“In her memoir of 15 years of covering jihadists, journalist Mekhennet sets out to answer a perennial question: Why do they hate us? As a Muslim woman and brave, resourceful reporter, Mekhennet seems well-suited to the task.”
Featured in Washington Post’s Best 10 Books of 2017.
Souad Mekhennet comes from two different worlds that are often at odds. A Muslim born and brought up in Germany, Souad is a reporter for The Washington Post and has spent her entire life trying to reconcile her two-sided upbringing – Western and Muslim. In doing so, she has also lent her voice to mediation between the two cultures, each one of which often has trouble understanding the other.
I Was Told to Come Alone is a fascinating memoir of Mekhennet’s journeys that start with German neighbourhoods that radicalized the plotters of 9/11, move to Iraq where the Shia and Sunni Muslims often turn against each other and terminate at the border between Turkey and Syria with the presence of the ISIS hanging over everyone’s heads. As she travels through North Africa and the Middle East, she has terrifying run-ins with different intelligence services. She also showcases why the Arab Spring did not live up to its name. After this journey, she returns to Europe and discovers who ‘Jihadi John’ is while she is in London. She then tours through countries such as Belgium, Germany, and France – all countries where terror has struck over and over again.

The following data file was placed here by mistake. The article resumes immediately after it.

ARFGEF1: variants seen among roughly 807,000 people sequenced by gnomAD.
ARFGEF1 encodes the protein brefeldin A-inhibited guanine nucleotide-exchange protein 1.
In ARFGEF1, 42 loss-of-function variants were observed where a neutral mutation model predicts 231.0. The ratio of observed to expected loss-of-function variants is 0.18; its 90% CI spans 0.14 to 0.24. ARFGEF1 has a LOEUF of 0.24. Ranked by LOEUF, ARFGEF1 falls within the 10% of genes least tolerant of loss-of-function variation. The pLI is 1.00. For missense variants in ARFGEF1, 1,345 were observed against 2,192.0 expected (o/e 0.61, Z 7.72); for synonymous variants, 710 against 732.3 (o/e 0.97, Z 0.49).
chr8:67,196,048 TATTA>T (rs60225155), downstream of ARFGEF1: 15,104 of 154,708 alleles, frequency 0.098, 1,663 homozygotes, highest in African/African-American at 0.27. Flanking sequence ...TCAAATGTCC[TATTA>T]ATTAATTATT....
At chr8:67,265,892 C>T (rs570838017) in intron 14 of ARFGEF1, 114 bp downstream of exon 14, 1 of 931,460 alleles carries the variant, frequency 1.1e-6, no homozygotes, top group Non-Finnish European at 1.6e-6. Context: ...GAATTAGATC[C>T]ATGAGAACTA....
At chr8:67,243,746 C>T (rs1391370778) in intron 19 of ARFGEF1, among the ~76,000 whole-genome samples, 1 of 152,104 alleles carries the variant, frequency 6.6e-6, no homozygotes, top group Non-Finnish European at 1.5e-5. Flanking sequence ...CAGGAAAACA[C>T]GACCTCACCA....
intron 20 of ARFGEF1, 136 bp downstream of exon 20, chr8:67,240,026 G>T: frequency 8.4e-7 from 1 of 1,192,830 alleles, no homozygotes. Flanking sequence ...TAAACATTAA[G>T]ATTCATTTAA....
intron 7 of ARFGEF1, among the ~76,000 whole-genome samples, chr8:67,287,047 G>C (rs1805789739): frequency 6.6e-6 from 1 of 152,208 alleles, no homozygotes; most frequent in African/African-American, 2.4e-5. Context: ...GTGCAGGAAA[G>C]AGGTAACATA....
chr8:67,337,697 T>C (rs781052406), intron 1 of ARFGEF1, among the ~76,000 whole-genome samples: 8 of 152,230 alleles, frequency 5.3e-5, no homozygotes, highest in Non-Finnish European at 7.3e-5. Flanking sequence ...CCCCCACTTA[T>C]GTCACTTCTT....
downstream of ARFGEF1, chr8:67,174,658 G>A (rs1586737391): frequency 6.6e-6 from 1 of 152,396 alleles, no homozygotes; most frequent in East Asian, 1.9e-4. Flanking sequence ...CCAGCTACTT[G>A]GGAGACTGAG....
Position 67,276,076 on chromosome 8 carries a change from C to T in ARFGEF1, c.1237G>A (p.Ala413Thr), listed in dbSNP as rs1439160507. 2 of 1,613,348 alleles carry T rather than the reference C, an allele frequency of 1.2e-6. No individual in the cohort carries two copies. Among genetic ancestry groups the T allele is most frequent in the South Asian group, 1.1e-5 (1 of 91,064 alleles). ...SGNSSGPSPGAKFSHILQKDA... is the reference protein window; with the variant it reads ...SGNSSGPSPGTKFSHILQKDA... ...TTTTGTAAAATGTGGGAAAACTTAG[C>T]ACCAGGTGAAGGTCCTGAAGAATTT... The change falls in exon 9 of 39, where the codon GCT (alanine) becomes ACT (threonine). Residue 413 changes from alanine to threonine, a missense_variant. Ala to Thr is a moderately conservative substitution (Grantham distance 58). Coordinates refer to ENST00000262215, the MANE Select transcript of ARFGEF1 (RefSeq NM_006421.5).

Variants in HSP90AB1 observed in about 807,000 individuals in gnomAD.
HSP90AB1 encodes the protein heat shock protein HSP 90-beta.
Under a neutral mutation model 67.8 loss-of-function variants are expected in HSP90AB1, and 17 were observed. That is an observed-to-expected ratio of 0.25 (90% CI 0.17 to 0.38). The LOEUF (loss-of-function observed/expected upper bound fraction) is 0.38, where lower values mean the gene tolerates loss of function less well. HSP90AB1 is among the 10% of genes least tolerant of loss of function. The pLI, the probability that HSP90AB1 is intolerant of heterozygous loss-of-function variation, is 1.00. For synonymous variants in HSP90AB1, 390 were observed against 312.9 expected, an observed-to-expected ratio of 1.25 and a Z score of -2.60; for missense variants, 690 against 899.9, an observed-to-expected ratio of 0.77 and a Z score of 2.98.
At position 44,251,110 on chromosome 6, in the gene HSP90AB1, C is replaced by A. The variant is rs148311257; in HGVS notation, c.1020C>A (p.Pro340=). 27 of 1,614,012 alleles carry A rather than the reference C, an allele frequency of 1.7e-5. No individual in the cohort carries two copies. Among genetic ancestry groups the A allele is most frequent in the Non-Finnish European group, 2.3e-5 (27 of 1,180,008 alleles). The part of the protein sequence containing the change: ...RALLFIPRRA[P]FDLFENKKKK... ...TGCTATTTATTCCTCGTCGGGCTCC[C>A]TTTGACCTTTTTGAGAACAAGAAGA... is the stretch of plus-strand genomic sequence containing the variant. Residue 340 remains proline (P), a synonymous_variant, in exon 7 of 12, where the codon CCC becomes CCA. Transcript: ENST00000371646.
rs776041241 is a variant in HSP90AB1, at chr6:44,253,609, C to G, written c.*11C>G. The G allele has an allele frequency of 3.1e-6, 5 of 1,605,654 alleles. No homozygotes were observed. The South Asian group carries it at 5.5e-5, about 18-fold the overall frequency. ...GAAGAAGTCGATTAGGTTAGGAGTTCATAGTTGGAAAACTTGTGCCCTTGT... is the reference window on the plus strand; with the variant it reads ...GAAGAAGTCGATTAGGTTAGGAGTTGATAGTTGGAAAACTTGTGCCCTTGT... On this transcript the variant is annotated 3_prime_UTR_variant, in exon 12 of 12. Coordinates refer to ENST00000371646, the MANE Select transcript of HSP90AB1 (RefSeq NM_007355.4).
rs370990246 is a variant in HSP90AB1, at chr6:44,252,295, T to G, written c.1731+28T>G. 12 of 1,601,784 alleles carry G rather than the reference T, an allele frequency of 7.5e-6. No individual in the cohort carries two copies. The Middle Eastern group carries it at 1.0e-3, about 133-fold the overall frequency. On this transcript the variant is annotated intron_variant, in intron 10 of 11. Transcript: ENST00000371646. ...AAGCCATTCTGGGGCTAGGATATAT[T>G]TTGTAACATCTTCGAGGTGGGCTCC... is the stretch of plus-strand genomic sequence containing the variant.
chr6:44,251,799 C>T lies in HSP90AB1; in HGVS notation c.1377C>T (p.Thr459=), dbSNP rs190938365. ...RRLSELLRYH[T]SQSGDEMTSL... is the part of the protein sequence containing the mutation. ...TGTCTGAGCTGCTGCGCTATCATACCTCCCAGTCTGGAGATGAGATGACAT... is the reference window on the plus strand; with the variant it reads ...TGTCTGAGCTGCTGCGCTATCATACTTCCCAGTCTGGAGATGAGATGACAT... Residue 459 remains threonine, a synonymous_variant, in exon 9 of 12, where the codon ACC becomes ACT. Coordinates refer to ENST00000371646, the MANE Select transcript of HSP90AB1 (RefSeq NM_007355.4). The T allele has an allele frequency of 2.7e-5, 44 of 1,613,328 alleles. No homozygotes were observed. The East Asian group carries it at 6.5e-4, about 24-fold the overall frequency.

Men who are on the world’s most wanted lists often refuse to talk to reporters but are willing to speak to Mekhennet because of her heritage. She faces immense personal danger each time she is told to come alone to meet people who are in the inner circles of ISIS, Al Qaeda, the Taliban and any organizations associated with them. Even though she doesn’t know what may be in store for her at any of these meets, she isn’t afraid of the danger she faces.